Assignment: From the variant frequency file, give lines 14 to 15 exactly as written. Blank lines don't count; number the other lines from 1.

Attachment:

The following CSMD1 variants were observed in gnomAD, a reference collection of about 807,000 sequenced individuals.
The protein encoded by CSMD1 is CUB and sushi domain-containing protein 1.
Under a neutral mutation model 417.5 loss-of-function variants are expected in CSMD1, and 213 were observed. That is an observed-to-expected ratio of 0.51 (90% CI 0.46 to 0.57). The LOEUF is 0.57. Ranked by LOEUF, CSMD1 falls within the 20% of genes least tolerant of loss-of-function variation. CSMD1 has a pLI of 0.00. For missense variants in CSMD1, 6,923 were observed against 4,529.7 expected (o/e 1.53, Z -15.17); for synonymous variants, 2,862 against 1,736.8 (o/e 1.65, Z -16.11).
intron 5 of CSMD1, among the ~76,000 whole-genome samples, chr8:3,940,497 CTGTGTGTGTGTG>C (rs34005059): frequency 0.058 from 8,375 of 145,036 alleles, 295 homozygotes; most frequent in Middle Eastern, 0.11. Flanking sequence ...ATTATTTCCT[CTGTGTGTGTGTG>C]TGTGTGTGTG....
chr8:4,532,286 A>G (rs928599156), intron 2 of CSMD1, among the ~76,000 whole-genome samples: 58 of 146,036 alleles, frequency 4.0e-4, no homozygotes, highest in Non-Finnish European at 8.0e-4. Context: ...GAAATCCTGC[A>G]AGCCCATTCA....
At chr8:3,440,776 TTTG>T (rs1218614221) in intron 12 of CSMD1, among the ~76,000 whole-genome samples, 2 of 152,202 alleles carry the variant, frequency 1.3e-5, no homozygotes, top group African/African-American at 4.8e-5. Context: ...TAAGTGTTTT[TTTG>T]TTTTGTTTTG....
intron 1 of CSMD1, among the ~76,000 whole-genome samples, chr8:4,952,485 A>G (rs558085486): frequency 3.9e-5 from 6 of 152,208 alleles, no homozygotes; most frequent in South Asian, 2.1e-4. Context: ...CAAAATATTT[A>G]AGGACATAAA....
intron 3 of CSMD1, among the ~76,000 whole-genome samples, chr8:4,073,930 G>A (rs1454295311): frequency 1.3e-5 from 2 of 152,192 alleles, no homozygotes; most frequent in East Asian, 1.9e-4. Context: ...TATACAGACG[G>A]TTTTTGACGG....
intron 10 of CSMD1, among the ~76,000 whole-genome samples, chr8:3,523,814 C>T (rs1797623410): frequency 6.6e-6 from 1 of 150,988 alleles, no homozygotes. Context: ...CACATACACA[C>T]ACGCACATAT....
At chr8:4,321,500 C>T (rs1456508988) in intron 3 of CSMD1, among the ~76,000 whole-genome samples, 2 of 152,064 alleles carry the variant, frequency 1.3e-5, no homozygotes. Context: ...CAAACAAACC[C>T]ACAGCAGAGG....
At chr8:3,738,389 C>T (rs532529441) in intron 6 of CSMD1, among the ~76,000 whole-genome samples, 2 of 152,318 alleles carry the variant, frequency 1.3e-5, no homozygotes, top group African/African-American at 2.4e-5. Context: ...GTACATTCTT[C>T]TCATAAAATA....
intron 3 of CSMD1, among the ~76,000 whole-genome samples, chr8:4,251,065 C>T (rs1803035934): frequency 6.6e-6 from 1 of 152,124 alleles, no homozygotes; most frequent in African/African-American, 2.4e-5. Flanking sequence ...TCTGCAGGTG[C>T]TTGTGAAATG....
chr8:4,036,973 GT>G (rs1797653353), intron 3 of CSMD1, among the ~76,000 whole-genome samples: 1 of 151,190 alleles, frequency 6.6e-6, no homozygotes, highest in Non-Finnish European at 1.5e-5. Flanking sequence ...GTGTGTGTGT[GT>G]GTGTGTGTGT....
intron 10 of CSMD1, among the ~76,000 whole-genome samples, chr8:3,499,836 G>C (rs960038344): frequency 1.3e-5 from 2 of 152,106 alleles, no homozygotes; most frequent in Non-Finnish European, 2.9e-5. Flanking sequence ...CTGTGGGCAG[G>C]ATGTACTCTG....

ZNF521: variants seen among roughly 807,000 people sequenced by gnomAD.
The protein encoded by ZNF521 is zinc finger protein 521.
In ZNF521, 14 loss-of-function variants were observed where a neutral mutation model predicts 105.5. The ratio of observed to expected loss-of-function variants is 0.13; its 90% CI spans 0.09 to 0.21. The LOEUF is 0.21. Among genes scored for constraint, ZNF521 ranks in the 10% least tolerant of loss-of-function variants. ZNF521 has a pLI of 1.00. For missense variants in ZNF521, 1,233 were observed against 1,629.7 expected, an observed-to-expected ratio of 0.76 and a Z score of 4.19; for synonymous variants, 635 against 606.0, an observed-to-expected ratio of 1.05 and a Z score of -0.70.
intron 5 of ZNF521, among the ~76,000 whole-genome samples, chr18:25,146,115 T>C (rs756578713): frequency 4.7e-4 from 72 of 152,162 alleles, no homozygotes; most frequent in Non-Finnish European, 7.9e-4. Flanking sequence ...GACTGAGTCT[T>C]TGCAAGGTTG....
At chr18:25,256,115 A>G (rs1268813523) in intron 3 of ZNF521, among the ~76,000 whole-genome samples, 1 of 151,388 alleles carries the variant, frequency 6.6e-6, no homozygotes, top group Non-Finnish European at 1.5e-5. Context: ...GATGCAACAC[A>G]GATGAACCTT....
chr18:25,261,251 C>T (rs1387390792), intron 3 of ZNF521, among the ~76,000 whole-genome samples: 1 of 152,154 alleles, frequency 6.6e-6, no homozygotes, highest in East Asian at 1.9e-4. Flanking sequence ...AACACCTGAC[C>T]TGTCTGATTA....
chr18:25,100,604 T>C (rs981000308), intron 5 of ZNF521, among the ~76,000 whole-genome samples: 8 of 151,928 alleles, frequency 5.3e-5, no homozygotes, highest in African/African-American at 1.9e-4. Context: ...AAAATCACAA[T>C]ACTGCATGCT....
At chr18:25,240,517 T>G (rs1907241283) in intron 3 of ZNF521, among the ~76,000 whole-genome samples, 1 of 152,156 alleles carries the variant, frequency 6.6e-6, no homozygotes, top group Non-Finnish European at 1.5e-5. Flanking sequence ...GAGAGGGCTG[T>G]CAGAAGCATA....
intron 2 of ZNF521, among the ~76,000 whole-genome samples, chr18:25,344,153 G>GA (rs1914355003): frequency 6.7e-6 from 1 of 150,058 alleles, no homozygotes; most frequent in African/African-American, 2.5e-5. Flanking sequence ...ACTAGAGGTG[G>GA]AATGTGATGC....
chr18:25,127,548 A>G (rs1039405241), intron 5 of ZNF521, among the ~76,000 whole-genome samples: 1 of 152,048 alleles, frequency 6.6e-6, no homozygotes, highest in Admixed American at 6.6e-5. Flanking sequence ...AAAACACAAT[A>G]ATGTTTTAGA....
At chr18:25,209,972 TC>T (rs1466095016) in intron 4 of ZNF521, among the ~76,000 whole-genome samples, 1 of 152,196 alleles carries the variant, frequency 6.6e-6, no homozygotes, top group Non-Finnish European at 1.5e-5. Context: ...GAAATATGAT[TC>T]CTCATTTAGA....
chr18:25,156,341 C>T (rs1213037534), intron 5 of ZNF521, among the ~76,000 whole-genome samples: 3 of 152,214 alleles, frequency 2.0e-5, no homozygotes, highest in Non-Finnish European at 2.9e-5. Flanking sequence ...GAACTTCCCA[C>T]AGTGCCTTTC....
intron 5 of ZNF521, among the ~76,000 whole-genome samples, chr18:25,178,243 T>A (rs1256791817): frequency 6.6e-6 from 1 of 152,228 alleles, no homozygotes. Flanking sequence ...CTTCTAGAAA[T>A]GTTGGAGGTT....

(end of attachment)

intron 10 of CSMD1, among the ~76,000 whole-genome samples, chr8:3,499,836 G>C (rs960038344): frequency 1.3e-5 from 2 of 152,106 alleles, no homozygotes; most frequent in Non-Finnish European, 2.9e-5. Flanking sequence ...CTGTGGGCAG[G>C]ATGTACTCTG....

ZNF521: variants seen among roughly 807,000 people sequenced by gnomAD.